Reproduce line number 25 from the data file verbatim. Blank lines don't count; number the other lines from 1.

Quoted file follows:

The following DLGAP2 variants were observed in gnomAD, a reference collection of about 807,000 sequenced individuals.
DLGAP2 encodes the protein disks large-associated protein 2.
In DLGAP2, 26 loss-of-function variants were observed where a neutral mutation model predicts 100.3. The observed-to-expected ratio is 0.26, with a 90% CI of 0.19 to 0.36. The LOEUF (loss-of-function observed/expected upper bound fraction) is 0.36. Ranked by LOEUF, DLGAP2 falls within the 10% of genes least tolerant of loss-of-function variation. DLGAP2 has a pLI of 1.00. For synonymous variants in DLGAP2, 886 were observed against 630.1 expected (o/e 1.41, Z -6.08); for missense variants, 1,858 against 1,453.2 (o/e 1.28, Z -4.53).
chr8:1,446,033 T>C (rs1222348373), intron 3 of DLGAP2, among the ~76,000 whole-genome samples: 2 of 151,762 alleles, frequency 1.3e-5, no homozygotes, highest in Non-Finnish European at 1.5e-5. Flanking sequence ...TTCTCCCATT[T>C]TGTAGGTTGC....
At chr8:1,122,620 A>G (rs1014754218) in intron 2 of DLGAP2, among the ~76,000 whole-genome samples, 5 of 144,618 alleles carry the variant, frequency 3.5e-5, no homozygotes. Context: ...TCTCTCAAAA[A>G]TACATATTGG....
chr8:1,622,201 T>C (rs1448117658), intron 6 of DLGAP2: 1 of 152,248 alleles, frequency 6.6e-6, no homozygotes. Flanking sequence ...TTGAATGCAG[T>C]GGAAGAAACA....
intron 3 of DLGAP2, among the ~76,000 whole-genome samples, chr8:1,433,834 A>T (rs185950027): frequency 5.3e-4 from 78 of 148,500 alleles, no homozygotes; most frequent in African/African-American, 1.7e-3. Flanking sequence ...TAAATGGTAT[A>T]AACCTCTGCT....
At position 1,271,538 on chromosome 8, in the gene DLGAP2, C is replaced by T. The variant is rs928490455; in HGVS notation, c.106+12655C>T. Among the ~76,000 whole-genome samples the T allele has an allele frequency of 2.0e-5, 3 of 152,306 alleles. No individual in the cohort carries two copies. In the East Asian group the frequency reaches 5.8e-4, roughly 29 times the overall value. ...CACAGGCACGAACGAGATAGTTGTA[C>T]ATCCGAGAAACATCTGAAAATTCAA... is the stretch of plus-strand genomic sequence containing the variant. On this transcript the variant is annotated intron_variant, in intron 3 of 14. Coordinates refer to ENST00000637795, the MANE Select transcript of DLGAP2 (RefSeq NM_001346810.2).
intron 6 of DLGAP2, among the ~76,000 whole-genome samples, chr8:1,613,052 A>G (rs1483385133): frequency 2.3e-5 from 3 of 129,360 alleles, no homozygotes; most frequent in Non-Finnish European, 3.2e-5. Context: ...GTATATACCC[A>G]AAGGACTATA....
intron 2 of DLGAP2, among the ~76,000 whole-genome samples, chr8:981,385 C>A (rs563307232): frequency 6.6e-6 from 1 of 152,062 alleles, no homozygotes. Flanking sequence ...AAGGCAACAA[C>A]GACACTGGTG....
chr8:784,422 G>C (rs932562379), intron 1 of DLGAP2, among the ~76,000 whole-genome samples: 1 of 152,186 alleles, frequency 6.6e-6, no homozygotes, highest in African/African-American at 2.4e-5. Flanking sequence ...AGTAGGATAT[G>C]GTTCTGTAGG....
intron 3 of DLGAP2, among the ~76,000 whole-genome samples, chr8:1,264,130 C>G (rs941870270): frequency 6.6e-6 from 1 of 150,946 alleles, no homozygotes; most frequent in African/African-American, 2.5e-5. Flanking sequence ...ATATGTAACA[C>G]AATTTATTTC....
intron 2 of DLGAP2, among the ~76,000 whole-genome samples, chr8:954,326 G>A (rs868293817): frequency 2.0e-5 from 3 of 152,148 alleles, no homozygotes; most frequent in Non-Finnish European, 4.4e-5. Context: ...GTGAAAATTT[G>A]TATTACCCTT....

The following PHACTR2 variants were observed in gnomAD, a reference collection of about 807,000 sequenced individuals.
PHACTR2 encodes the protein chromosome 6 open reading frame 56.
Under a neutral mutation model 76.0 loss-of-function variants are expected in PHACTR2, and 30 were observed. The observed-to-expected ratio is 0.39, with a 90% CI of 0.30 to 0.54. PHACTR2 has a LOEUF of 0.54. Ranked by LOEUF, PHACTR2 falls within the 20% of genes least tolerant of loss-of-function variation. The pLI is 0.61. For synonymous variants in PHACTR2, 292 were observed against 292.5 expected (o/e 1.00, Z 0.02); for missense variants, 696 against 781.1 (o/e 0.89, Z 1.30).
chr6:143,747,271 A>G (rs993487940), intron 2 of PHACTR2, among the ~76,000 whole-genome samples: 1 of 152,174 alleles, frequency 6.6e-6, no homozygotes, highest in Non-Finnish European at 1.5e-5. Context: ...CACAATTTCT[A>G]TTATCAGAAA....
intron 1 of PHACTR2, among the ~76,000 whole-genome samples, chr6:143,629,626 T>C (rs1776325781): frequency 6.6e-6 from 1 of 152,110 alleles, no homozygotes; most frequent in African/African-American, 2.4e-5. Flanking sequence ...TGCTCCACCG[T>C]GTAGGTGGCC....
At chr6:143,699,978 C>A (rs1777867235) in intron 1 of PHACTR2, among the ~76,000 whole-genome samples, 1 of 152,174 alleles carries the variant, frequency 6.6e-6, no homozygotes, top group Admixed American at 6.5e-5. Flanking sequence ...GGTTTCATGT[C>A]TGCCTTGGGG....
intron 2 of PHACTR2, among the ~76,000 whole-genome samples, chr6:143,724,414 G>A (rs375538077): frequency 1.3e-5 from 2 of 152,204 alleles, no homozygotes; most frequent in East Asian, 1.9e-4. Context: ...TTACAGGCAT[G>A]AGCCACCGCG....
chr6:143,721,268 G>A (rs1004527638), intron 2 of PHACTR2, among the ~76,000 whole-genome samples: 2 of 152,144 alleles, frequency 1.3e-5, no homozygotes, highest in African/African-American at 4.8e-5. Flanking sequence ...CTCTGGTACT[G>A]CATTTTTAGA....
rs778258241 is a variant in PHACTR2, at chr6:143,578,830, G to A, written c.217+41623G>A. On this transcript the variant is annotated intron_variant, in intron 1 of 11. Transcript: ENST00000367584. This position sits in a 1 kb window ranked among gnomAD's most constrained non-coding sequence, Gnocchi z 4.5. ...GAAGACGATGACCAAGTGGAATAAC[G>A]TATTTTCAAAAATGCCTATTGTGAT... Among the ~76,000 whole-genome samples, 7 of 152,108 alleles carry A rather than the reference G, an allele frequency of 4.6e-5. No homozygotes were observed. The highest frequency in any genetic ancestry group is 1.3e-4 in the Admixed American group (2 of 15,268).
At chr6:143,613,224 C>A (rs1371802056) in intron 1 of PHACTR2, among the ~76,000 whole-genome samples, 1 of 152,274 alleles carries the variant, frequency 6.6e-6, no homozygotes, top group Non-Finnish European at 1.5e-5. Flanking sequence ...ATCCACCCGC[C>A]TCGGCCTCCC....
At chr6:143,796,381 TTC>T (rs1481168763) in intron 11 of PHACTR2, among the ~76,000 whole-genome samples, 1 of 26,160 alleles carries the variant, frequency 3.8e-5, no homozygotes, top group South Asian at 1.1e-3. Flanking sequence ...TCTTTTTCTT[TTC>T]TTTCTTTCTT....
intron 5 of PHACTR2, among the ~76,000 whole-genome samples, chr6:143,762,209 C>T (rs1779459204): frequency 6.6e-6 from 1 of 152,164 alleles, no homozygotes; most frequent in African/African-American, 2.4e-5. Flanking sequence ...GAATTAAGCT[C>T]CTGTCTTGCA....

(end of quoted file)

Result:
intron 5 of PHACTR2, among the ~76,000 whole-genome samples, chr6:143,762,209 C>T (rs1779459204): frequency 6.6e-6 from 1 of 152,164 alleles, no homozygotes; most frequent in African/African-American, 2.4e-5. Flanking sequence ...GAATTAAGCT[C>T]CTGTCTTGCA....